Maybe it’s just me, but I think paying the tax now so that you don’t have to worry about it in the future is the better way to go.

When should profit be left in the Company?

A common scenario is a rental property owning company that used to be a LAQC. As these companies will often have negative retained earnings, a dividend may never need to be declared so leaving profit in the company and paying tax at 28% might be the way to go.

The only other time I might recommend leaving any profit in a company is where you may be retiring in the coming years when your income will drop and your personal tax rate will drop as well. In that case, it can be worthwhile paying 28% company tax and then paying the retained earnings as a dividend when the you have retired and are only on a lower personal tax rate so that no 5% tax top up is required.

Companies pay the IRD Interest

Provisional tax paid by you or your company is based on your previous year’s earnings. If your income increases, then the provisional tax will often be underpaid. This is generally not an issue for individual taxpayers as interest will not apply. However, this is an issue for a company as interest will be charged by the IRD (current rate is 8.4%).

So, when leaving profits in the company, you need to be much more careful about increasing profits and the subsequent exposure to interest charged by the IRD.

Forward Planning Required to pay Withholding Tax

As there is only 28% company tax to attach to dividends, your company required by tax law to also deduct 5% withholding tax as well. So forward planning is required as the payment of the withholding tax for a dividend declared on 31 March must be paid by 20 April.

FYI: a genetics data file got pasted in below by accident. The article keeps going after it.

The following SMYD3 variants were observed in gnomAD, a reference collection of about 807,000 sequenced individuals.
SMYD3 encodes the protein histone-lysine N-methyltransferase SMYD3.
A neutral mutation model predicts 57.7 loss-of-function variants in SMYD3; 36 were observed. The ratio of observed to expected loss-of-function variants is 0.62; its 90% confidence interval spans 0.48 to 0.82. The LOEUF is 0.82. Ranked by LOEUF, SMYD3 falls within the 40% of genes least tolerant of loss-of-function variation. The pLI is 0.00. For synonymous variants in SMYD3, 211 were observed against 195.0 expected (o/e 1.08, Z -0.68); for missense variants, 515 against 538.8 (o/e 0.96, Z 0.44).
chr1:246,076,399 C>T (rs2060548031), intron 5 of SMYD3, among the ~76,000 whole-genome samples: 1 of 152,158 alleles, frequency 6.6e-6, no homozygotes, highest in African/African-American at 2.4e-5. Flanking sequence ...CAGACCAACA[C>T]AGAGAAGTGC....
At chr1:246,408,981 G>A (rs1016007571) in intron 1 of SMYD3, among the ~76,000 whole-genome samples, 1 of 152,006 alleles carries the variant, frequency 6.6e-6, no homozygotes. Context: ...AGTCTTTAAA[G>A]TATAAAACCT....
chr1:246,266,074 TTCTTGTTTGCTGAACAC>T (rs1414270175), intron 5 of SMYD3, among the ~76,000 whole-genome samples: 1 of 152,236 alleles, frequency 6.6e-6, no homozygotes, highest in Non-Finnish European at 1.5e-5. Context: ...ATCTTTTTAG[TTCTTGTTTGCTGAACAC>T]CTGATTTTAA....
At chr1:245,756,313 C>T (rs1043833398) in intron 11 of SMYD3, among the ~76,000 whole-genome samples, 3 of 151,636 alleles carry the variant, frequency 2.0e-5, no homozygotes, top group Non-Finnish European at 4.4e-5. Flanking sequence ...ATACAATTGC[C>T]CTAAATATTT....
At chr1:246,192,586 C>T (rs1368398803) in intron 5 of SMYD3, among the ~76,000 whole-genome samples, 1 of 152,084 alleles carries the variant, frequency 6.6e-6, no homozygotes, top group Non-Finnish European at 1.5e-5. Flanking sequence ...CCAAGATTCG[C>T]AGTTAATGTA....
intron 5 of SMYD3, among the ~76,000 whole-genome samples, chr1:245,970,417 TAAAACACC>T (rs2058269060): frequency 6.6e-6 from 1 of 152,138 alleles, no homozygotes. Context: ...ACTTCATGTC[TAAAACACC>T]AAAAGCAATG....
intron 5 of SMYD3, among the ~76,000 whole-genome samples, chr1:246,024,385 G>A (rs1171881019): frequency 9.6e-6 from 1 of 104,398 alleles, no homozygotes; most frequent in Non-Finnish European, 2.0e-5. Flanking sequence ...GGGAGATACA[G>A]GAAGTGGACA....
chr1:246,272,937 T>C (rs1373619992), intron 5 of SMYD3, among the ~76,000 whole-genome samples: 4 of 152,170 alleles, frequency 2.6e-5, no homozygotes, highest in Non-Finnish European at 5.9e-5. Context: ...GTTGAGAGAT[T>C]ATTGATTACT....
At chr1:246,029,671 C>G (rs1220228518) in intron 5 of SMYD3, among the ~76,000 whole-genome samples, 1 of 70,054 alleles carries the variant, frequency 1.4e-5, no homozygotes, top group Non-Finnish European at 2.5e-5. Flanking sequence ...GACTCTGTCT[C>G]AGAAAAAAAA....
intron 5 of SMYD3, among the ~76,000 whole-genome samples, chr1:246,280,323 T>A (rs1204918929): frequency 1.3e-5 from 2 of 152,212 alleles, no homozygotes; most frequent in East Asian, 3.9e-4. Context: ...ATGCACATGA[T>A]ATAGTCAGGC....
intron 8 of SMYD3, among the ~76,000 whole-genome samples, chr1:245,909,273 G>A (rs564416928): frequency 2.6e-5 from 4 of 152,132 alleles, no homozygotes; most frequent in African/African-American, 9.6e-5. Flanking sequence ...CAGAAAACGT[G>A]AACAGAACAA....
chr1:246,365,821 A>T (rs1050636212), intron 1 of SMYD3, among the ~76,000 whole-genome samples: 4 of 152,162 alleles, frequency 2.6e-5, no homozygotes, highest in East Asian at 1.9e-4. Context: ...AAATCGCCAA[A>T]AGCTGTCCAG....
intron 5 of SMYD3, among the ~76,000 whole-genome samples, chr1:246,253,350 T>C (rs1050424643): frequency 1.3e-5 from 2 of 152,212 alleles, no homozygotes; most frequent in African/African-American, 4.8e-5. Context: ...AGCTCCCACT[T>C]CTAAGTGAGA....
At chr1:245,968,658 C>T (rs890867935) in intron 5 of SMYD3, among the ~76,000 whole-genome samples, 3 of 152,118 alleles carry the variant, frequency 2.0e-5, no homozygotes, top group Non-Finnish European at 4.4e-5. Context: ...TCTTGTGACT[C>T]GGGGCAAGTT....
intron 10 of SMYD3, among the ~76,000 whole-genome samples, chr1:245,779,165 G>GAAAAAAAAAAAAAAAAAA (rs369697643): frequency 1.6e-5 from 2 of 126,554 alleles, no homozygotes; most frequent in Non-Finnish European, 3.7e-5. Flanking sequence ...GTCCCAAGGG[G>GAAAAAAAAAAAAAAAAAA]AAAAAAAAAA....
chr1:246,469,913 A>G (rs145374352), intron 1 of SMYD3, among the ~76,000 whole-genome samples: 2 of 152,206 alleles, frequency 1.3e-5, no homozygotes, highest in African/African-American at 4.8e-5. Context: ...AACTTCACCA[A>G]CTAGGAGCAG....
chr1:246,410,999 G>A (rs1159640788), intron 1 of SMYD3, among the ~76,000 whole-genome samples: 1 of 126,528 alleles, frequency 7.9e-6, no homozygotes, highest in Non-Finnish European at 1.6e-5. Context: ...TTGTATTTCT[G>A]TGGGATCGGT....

Reduction in your ACC

Ok, this is actually more of a benefit of leaving profit in a company. ACC levies are based on the salary allocated to you by your company. If you leave profit in your company, this will reduce the salary allocated to you and will therefore reduce the amount of ACC levies you’ll have to pay.

When the retained earnings are later paid to you by way of a dividend, no ACC levies will apply as a dividend is passive income and exempt from ACC.

On the downside, by lowering the amount of salary allocated to you by your company, that also lowers the amount that ACC would pay you in the event you could not work due to an injury as ACC generally pay 80% of your past salary allocated to you from the company.

The above guide is intended as a generally overview of the company tax rules. As always, it’s best to seek expert tax advice for your specific situation.

 

By Tony Thorne
www.ThorneAccounting.co.nz

Auckland Accountants About NZ Company Tax Rate

 

 

 

 

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Expert's Bio

Tony Thorne

Thorne Accounting has been providing specialised accounting and tax services to residential and commercial property investors since 2004. Our mission is to provide the highest quality tax and accounting services to property investors. We are constantly fine tuning the way we work with property investors so we can provide this superior service at competitive prices.